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There is a common, though possibly dated idiom 'like a streak of lightning' which shares precisely the meaning of 'like a streak', and exists in subtle variations 'like a blue streak of lightning', like a greased streak of lightning' or 'like a streak of greased lightning'. Indeed the Oxford Dictionary of Idioms gives the idiom as: like a streak (of ...


4

"Like a streak" is an idiom, as @verbose says in the comments. Quoting the Collins Dictionary: US     Informal     at high speed; swiftly As the dictionary indicates, this is an American turn of phrase. It simply means "at a high speed". So "I was out of the room like a streak" means "I left the room quickly", which ...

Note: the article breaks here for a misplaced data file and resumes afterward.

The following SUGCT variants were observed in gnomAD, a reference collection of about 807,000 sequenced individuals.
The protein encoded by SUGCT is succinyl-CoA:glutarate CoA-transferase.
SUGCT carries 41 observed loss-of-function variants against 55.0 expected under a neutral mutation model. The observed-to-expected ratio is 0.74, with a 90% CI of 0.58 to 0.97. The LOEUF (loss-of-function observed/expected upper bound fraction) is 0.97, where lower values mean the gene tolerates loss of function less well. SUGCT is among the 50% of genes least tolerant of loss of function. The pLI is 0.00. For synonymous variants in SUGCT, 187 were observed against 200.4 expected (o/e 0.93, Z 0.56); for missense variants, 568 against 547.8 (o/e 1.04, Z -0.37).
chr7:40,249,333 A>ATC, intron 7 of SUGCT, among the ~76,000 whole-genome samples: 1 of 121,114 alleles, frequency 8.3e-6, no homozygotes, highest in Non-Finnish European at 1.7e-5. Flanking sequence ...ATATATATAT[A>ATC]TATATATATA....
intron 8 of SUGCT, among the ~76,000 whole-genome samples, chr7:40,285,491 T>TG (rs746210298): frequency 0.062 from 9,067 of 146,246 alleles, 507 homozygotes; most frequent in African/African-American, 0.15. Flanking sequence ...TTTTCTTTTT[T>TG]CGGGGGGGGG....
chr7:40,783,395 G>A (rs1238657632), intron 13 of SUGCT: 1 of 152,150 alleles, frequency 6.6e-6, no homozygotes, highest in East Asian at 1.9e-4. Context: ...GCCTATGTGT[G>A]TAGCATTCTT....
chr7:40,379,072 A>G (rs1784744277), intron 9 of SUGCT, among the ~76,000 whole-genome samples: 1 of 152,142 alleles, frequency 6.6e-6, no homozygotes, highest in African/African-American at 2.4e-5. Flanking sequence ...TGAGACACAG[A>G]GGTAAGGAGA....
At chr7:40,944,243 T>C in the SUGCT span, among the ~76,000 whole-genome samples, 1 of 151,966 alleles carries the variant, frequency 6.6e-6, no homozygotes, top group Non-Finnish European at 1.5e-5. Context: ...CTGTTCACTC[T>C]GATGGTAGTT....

4

Both "shade" and "spot" mean "a little bit" here Note: you appear to have quoted the passage slightly incorrectly here. This Goodreads preview has the opening lines as: I was a shade perturbed. Nothing to signify, really, but still just a spot concerned This sentence is using colliquial meanings of "shade" and "...


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